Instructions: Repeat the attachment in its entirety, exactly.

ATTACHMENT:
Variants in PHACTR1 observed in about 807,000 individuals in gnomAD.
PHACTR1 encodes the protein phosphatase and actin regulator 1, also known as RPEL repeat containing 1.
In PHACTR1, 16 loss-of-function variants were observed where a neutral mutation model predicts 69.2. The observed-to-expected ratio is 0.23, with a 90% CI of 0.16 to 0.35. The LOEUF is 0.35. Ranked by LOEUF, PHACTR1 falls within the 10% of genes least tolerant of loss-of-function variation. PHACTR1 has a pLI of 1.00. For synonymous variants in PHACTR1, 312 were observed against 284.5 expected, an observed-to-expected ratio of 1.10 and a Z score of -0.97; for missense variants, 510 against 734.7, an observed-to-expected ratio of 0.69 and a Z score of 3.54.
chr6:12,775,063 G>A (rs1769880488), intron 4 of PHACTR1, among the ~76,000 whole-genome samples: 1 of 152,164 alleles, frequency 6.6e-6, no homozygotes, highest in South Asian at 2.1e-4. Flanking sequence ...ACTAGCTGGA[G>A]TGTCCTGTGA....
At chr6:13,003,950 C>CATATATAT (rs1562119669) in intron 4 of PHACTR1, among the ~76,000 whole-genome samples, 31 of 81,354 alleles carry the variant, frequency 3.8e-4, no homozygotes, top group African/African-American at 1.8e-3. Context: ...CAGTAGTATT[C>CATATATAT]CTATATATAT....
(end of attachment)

Variants in PHACTR1 observed in about 807,000 individuals in gnomAD.
PHACTR1 encodes the protein phosphatase and actin regulator 1, also known as RPEL repeat containing 1.
In PHACTR1, 16 loss-of-function variants were observed where a neutral mutation model predicts 69.2. The observed-to-expected ratio is 0.23, with a 90% CI of 0.16 to 0.35. The LOEUF is 0.35. Ranked by LOEUF, PHACTR1 falls within the 10% of genes least tolerant of loss-of-function variation. PHACTR1 has a pLI of 1.00. For synonymous variants in PHACTR1, 312 were observed against 284.5 expected, an observed-to-expected ratio of 1.10 and a Z score of -0.97; for missense variants, 510 against 734.7, an observed-to-expected ratio of 0.69 and a Z score of 3.54.
chr6:12,775,063 G>A (rs1769880488), intron 4 of PHACTR1, among the ~76,000 whole-genome samples: 1 of 152,164 alleles, frequency 6.6e-6, no homozygotes, highest in South Asian at 2.1e-4. Flanking sequence ...ACTAGCTGGA[G>A]TGTCCTGTGA....
At chr6:13,003,950 C>CATATATAT (rs1562119669) in intron 4 of PHACTR1, among the ~76,000 whole-genome samples, 31 of 81,354 alleles carry the variant, frequency 3.8e-4, no homozygotes, top group African/African-American at 1.8e-3. Context: ...CAGTAGTATT[C>CATATATAT]CTATATATAT....